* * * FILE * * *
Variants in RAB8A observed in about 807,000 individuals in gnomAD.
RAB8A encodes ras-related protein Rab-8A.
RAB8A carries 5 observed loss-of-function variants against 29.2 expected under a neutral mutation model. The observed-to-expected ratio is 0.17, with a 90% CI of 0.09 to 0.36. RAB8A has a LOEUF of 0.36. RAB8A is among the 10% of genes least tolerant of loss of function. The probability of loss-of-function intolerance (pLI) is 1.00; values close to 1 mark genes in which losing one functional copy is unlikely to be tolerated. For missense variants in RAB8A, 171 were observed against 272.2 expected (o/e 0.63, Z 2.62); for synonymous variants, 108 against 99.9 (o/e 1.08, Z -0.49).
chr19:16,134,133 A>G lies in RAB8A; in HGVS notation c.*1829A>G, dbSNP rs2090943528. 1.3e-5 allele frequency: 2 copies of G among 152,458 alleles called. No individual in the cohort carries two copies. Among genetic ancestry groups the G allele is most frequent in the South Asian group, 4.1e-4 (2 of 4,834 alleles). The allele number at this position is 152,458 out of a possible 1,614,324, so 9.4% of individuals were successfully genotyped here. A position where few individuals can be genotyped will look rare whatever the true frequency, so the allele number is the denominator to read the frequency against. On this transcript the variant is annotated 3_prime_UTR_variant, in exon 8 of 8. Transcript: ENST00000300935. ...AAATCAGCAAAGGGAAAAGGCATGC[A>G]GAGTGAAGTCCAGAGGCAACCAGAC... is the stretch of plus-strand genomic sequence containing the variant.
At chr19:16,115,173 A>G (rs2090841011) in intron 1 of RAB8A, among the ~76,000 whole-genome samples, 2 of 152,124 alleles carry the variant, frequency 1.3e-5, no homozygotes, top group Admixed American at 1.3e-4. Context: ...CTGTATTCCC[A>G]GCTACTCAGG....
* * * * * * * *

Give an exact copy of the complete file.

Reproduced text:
Variants in RAB8A observed in about 807,000 individuals in gnomAD.
RAB8A encodes ras-related protein Rab-8A.
RAB8A carries 5 observed loss-of-function variants against 29.2 expected under a neutral mutation model. The observed-to-expected ratio is 0.17, with a 90% CI of 0.09 to 0.36. RAB8A has a LOEUF of 0.36. RAB8A is among the 10% of genes least tolerant of loss of function. The probability of loss-of-function intolerance (pLI) is 1.00; values close to 1 mark genes in which losing one functional copy is unlikely to be tolerated. For missense variants in RAB8A, 171 were observed against 272.2 expected (o/e 0.63, Z 2.62); for synonymous variants, 108 against 99.9 (o/e 1.08, Z -0.49).
chr19:16,134,133 A>G lies in RAB8A; in HGVS notation c.*1829A>G, dbSNP rs2090943528. 1.3e-5 allele frequency: 2 copies of G among 152,458 alleles called. No individual in the cohort carries two copies. Among genetic ancestry groups the G allele is most frequent in the South Asian group, 4.1e-4 (2 of 4,834 alleles). The allele number at this position is 152,458 out of a possible 1,614,324, so 9.4% of individuals were successfully genotyped here. A position where few individuals can be genotyped will look rare whatever the true frequency, so the allele number is the denominator to read the frequency against. On this transcript the variant is annotated 3_prime_UTR_variant, in exon 8 of 8. Transcript: ENST00000300935. ...AAATCAGCAAAGGGAAAAGGCATGC[A>G]GAGTGAAGTCCAGAGGCAACCAGAC... is the stretch of plus-strand genomic sequence containing the variant.
At chr19:16,115,173 A>G (rs2090841011) in intron 1 of RAB8A, among the ~76,000 whole-genome samples, 2 of 152,124 alleles carry the variant, frequency 1.3e-5, no homozygotes, top group Admixed American at 1.3e-4. Context: ...CTGTATTCCC[A>G]GCTACTCAGG....